Get started on using the new Unified Interface TODAY!
The Solution Manager in Dynamics 365 has not changed much since Dynamics CRM 2011 when the concept of solutions was first introduced.
With Dynamics 365 v9, you may have noticed that the solution manager screen now says “PowerApps” which reflects the fact that the way Dynamics 365 professionals have been building xRM applications since v3.0 is now called “Model Driven PowerApps”. However, that was only one small cosmetic change. The solution explorer is still essentially the same tool.
Moving forward, Dynamics 365 Solutions can be managed in the new PowerApps Maker Portal This new Solution Manager tool has been greatly improved in the last few weeks. I really like the ability to be able to search for components, I can now add specific components from entities and also can much more quickly add multiple entities. No much “scrolling” through thousands of Web Resource records! I also find the new Solution Explorer faster. Of course, you can now add Flow and Canvas-based PowerApps to the Solution through this interface.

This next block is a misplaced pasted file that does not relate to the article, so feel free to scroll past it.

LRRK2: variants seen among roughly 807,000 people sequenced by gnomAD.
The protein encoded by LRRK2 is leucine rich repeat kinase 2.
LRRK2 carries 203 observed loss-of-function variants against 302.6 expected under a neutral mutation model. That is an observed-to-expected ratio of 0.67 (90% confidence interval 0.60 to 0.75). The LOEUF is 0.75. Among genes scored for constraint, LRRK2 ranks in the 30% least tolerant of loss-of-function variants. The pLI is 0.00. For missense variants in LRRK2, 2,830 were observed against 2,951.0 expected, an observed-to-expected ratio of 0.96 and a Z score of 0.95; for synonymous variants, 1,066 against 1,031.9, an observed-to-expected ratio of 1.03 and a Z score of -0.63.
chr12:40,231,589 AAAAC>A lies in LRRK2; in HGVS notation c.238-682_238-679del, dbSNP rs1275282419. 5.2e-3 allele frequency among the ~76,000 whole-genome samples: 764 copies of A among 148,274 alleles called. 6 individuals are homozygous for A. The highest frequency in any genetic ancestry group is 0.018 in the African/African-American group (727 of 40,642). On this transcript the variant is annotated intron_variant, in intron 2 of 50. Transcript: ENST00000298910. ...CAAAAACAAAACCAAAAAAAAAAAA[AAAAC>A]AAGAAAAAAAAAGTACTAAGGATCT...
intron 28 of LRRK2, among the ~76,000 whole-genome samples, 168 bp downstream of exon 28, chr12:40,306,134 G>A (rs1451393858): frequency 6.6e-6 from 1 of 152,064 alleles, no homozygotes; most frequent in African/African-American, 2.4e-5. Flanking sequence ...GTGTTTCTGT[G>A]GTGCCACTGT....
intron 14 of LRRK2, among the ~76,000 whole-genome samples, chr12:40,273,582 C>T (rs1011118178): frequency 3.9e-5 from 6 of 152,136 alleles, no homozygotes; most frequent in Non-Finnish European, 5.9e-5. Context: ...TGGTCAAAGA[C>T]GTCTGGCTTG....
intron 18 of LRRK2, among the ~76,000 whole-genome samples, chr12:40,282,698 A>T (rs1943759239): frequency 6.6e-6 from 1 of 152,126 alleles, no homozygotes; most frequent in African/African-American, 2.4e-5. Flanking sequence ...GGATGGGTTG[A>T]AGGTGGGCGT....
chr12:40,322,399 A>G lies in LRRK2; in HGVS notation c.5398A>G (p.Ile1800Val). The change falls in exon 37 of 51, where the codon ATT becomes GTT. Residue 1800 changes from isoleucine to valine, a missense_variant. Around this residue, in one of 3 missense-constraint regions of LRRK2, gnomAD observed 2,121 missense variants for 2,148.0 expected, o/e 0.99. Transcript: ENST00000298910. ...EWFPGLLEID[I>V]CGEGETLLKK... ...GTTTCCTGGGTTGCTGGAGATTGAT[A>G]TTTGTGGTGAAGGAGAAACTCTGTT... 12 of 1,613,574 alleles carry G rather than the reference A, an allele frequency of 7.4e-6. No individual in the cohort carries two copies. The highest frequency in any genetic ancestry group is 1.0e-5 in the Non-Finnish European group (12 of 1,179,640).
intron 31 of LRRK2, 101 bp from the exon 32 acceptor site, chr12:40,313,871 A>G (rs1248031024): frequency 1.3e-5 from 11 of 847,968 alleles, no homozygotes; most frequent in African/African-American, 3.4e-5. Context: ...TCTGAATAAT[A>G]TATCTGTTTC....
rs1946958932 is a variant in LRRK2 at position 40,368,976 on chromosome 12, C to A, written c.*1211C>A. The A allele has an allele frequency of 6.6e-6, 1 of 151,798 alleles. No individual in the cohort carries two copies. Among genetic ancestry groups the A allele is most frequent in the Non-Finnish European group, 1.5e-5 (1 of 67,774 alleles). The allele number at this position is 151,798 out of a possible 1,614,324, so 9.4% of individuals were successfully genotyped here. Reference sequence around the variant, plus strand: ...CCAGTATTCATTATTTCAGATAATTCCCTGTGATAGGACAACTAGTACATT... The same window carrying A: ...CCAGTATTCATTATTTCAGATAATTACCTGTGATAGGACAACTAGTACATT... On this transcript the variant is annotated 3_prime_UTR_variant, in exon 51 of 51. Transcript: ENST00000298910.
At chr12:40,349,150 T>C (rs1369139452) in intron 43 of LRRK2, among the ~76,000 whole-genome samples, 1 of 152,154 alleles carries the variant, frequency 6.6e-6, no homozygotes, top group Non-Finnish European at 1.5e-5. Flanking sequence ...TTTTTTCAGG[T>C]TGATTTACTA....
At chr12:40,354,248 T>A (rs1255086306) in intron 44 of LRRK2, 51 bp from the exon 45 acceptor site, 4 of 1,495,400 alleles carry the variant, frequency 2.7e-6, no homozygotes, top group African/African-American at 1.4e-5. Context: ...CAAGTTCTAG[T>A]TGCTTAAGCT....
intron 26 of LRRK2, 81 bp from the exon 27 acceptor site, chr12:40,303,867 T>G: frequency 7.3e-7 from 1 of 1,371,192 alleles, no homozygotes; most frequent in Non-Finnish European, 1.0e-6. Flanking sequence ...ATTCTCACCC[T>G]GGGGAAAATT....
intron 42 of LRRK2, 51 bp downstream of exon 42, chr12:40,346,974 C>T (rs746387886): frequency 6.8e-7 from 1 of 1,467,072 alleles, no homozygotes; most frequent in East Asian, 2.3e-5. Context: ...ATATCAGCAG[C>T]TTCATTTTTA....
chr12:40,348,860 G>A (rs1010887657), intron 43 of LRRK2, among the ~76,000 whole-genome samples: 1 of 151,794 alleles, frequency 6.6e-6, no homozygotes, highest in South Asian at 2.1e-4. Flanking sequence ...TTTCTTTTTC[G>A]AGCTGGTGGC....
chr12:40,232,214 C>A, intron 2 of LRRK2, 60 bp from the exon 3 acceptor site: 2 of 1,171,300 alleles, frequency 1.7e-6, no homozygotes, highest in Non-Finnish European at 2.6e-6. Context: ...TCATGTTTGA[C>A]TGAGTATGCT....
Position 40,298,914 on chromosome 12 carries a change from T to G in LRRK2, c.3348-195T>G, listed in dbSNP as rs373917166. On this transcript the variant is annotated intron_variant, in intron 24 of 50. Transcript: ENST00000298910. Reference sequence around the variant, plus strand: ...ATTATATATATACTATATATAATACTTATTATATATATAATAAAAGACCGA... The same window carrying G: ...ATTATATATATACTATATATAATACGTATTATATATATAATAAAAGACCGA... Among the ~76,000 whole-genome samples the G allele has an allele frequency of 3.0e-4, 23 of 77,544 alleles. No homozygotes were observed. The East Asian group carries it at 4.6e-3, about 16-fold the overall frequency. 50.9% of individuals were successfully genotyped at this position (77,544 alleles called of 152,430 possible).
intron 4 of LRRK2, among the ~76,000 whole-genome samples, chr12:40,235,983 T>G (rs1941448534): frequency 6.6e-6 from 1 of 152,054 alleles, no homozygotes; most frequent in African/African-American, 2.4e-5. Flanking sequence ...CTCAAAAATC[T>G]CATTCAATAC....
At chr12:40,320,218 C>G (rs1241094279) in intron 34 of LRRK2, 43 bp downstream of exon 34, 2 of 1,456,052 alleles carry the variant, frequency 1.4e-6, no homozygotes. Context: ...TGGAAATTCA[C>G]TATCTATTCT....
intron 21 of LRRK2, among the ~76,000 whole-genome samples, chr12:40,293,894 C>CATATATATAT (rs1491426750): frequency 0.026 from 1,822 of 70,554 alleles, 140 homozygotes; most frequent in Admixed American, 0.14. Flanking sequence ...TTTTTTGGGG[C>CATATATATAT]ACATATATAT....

While there were gaps in earlier iterations, I find that I can now do pretty much everything that I could in the classic Solution Explorer. I couldn’t yet add “existing components”. In those situations, you still have the option to switch back to the classic Solution Explorer as required.
More information: https://powerapps.microsoft.com/en-us/blog/solutions-in-powerapps/
The Form Designer really has not changed much over the years. While it also recently got the “PowerApps” logo, but overall, the designer tool is a tool that Dynamics 365 configurators have gotten quite comfortable with.
The new Form Designer is a true WYSIWYG (What You See Is What You Get) editor. (Looking more like the Canvas based Apps editor) You can easily add new fields, sections and tabs and there is a convenient tree-view that outlines your form design. The big bonus is that the Publish button will both save your form changes and Publish the form. The new Form Editor is still in preview and is one of those things that you will likely find yourself flipping back to the classic editor.
Note that the new editor is for Unified Interface forms only.